Clark Regional Wastewater District replaced its sanitary sewer pipe along Highway 99, between NE 63rd Street and NE 78th Street, as part of a proactive effort to keep our sewer system operating safely and efficiently.
The existing sewer line, which is located along the eastern side of the road and serves adjacent businesses, was aging and needed replacement. The District’s proactive maintenance and asset management program identified the need to replace the existing pipe in order to ensure continued reliable service. The original pipe was installed in the late 1960s and has slowly deteriorated over time, requiring additional maintenance. This investment in new sewer infrastructure will provide continued reliable, efficient service for our Hazel Dell customers for another 50 years, while at the same time protecting public health and the environment.
Construction to replace the sewer pipe typically consists of digging a trench, laying pipe, backfilling, and paving. There will also be manhole installation, reconnection of sewer laterals to businesses, a segment of waterline replacement and other work. In most cases, work will be confined to the right hand northbound travel lanes and sidewalk. Temporary lane closures will occur in short segments along the corridor within the construction zone.
Careful planning has gone into this project to minimize loss of sewer service to businesses. To accomplish that, the new sewer pipe will be placed adjacent to the old, existing pipe, which will remain in operation during construction and then be abandoned. However, corridor businesses can expect moderate traffic impacts along with some noise, vibration and dust in areas under construction.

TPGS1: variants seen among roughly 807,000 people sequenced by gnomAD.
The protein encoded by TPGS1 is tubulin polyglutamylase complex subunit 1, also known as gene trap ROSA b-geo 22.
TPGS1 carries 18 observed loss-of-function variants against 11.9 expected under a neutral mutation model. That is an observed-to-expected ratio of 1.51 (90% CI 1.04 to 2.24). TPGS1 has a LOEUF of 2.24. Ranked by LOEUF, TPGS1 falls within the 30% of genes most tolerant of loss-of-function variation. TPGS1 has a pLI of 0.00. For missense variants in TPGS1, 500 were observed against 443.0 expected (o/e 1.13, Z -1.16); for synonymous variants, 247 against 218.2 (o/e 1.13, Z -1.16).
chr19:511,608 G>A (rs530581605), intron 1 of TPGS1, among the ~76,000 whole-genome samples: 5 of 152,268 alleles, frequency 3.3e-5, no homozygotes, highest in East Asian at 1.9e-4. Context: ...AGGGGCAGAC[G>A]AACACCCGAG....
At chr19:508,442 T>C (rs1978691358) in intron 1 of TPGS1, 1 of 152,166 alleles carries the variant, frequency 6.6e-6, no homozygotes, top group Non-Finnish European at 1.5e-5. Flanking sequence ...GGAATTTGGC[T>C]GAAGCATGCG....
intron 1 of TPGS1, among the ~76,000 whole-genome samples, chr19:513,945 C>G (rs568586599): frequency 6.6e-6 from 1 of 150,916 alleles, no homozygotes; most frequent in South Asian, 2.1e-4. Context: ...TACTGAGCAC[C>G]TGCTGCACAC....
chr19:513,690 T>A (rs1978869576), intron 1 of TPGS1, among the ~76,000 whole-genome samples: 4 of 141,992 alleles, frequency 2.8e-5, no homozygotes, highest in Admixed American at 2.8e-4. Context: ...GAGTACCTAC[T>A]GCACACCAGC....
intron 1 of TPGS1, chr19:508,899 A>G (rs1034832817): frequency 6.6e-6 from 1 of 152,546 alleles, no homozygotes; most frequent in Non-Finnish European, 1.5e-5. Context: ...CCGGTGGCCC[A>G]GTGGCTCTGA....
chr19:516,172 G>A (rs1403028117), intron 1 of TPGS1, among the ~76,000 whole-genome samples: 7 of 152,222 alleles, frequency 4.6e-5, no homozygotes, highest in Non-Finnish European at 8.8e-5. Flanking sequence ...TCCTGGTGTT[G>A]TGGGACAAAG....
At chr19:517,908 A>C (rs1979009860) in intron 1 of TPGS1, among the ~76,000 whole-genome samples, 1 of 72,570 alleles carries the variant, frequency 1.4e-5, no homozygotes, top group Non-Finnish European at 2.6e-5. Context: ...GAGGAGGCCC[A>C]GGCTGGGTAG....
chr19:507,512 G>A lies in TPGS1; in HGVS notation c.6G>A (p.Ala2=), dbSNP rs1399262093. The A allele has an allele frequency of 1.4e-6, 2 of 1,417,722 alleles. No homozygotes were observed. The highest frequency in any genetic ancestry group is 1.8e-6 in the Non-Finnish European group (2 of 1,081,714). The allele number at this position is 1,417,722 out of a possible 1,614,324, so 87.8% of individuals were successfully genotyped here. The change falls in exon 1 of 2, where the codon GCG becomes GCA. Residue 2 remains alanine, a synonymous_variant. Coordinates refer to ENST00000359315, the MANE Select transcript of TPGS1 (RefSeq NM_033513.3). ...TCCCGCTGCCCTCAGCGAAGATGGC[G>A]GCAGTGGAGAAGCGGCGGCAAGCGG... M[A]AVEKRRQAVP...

Careful planning went into this project to minimize impacts to local businesses and the public. To maintain sewer service for businesses, the new sewer pipe was placed adjacent to the old, existing pipe. The existing pipe remained in operation during construction and was then abandoned.
Planners expected moderate traffic impacts along with some noise, vibration and dust in areas under construction. Traffic revisions accommodated the construction work zone.
During construction, Highway 99 was restriped within the project area in order to maintain four lanes of traffic and a center turn lane. The new striping pushed all lanes to the west and temporarily removed the bike lanes. Traffic was delayed at various times due to temporary sidewalk and lane closures. Flaggers were present to direct drivers.
Vehicular access to businesses was maintained during regular business hours. Driveway access was temporarily blocked in front of businesses with more than one driveway. The contractor provided businesses at least two business days’ notice prior to working in front of their driveway. In most cases, the contractor was in front of each business three times: first, to construct the sewer main (two to four days); second, to construct the sewer service lateral (a day); and third, to do final paving, concrete restoration and restriping (a day or less). Some areas required additional work. Any portions of driveways or sidewalks removed by construction were replaced.